Isothermal oxidation study of the dense GdB4 was carried out at a temperature of 900°C for different time intervals. A hot pressed pellet of diameter 17 mm was cut into thin slices of 3 mm thickness. All the surfaces of the cut sample were ground with emery papers (1/0, 2/0, 3/0, 4/0) and finally polished with diamond paste to achieve a 1 μm finish. Oxidation tests were conducted in a resistance heated furnace. In order to avoid oxidation during heating, the sample was directly inserted into the hot zone after the furnace had reached the set temperature. Sample was placed in an alumina crucible loaded inside the furnace. The sample was oxidized in air for different time intervals (4, 8, 16, 32) at the set temperature of 900°C. The sample was carefully weighed to an accuracy of 0.01 mg before and after exposure, to determine the weight change during the oxidation process. The morphology and nature of the oxide layer were established by observing the surface in a field emission scanning electron microscope (FE-SEM) with energy dispersive spectroscopy (EDS). The phases present on the oxidized surface were analysed by XRD.

3. Results and Discussion

3.1. Synthesis

Table 2 presents the processing parameters and results of synthesis experiments carried out in a vacuum induction furnace. At 1200 and 1300°C, weight loss noticed is about 5.7% and 16.8%, respectively, which values are lower than the theoretical weigh loss (17.3%), indicating that the reaction had started but did not complete. The product was analysed and found to contain Gd2O3, GdB4 and GdB6 phases. The presence of Gd2O3 confirms the incomplete reduction. Sample processed at 1400°C was observed to contain GdB4 and GdB6 phases. Only at a temperature of 1500°C was single phase GdB4 obtained. The carbon and oxygen content of GdB4 were measured and found to be 0.5 wt.% each.
Figure 2 presents the XRD patterns of the samples processed at different temperature. The XRD patterns reveal that the product obtained at 1500°C is pure GdB4, whereas products obtained at lower temperatures also contain the Gd2O3 and GdB6 phase. The GdB6 phase could have formed via the following side reaction (reaction (2)).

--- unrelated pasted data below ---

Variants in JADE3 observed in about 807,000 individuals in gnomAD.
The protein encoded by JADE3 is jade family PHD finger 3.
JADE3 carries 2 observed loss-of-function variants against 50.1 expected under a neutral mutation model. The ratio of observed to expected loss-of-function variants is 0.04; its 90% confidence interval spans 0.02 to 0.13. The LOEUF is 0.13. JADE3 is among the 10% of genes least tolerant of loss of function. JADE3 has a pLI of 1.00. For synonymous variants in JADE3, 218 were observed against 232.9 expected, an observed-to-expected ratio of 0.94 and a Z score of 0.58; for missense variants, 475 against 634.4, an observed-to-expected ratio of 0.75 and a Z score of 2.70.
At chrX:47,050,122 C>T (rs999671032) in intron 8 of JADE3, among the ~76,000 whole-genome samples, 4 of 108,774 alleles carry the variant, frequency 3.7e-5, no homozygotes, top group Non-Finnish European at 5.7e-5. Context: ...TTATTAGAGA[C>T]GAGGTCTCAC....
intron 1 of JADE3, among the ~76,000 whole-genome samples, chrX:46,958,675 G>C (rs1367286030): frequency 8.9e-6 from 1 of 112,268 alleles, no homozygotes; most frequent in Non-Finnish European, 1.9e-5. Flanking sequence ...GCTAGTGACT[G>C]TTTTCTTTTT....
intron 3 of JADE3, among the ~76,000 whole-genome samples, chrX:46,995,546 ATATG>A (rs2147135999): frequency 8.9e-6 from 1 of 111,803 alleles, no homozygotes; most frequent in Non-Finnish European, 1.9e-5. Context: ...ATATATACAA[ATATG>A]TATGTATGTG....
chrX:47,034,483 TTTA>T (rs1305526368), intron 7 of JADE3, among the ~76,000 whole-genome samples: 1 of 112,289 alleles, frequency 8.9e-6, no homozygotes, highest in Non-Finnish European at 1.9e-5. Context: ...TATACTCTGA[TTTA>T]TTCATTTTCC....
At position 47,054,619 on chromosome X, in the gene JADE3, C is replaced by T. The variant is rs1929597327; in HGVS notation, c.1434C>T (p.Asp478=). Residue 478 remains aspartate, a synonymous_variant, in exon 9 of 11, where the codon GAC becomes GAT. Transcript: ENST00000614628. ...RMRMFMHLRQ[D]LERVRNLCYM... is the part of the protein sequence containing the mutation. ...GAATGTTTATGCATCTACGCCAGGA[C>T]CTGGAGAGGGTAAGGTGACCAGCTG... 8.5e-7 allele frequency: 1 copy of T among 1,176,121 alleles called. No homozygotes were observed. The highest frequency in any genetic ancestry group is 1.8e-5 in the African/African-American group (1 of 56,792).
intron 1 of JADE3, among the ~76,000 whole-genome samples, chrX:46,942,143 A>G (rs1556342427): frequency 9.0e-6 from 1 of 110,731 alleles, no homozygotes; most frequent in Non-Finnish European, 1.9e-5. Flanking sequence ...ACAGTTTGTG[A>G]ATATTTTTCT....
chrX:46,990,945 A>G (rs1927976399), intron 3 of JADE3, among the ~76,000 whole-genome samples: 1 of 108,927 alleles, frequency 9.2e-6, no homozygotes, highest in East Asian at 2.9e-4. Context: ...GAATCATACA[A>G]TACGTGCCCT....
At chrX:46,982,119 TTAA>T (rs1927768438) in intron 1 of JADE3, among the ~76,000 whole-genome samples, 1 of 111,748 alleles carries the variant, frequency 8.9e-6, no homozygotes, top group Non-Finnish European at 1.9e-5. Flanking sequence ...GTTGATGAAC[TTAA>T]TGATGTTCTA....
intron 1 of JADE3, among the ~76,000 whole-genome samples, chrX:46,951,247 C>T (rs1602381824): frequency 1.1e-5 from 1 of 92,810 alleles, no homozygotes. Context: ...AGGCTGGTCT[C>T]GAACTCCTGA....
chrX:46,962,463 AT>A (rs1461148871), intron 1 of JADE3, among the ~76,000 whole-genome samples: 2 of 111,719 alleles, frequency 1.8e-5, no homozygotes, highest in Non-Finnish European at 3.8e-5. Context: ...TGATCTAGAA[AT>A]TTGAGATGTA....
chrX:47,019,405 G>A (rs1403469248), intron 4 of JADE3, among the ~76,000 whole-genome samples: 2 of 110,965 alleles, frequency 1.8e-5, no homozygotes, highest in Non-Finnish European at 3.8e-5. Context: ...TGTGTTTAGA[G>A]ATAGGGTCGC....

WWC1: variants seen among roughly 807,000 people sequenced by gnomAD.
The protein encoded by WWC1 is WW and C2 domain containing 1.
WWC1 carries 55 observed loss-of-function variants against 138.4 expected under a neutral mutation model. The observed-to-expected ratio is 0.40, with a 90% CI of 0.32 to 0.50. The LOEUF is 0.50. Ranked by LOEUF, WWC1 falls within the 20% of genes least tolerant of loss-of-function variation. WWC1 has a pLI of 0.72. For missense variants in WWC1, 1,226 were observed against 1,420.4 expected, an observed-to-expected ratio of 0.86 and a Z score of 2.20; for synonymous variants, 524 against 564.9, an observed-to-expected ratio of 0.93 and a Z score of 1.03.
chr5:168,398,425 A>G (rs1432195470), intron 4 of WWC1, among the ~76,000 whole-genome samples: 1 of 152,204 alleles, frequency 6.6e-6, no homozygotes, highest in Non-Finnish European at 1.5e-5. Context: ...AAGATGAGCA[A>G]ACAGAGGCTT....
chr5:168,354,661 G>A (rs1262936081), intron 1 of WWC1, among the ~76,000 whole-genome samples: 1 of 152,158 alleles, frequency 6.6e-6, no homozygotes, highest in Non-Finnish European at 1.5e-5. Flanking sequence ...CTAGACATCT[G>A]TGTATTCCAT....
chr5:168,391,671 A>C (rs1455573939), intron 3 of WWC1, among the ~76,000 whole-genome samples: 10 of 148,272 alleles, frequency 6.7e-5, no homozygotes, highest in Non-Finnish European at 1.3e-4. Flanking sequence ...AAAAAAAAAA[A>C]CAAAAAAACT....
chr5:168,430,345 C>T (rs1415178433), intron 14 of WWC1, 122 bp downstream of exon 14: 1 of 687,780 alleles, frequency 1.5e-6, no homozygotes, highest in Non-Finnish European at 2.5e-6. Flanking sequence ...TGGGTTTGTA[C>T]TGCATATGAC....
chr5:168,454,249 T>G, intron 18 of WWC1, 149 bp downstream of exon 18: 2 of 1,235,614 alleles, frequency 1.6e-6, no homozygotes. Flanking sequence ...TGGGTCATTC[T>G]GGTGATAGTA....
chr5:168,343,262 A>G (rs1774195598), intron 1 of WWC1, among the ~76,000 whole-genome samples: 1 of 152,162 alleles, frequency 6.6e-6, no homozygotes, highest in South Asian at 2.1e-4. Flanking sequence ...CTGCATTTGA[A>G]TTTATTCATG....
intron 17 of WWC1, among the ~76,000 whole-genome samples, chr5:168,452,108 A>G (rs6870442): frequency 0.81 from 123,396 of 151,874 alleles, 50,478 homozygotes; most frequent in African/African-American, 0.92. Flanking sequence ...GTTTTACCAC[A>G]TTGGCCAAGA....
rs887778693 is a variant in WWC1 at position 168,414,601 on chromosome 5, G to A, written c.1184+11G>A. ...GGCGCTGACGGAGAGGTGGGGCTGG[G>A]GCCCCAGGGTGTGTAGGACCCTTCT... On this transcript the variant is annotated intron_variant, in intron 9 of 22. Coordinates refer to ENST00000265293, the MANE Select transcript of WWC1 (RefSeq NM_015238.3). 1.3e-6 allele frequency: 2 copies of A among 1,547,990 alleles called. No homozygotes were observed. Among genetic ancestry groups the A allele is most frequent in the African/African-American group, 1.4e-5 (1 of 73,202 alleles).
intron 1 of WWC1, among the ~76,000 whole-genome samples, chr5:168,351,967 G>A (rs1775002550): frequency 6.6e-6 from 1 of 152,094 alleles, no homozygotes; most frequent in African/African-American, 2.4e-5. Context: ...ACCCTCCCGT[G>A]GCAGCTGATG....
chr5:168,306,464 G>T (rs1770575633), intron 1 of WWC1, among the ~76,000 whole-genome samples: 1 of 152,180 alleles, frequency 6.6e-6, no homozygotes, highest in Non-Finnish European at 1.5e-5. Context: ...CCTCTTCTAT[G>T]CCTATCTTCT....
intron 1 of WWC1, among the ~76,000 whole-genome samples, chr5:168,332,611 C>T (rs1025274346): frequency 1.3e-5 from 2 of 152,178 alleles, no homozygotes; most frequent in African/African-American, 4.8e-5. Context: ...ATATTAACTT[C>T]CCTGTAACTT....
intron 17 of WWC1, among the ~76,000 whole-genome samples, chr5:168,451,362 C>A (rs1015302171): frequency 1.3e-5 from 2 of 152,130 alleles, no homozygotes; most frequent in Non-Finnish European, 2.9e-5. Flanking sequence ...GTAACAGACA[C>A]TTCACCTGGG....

(2)
Gd2O3+3B4C2GdB6+3CO
At higher temperatures, the reaction kinetics for reaction (1) was fast and all the Gd2O3 was converted to GdB4. In the Gd-B system, GdB4 is the most stable phase. Free energy calculations for reactions (1) and (2) could not be done as thermodynamic data for GdB4 and GdB6 are not available.
Though the reaction starts at a lower temperature (< 1200°C), pure GdB4 is obtained only at 1500°C. At low temperature, the reaction kinetics is very slow and hence a high temperature is required for faster diffusion of the solid reactant atoms through the product that formed at the interface.
The scientific literature on the processing of GdB4 is scant, which was the motivation for this work. A summary of past studies is provided in Table 3.5,11,12) The borothermic reduction process involves the use of elemental boron, which is expensive and pyrophoric. Preparation of GdB4 by boron cage compounds and metal hydrides requires one additional step, as these materials are not readily available. Handling of metal hydride is also difficult due to its pyrophoric nature. Preparation by reaction between Gd2O3, B4C and carbon seems to be the best process as it involves readily available charge material and does not have any handling issues. The process is also suitable for large scale production of boride powder. In this study, single phase GdB4 was obtained.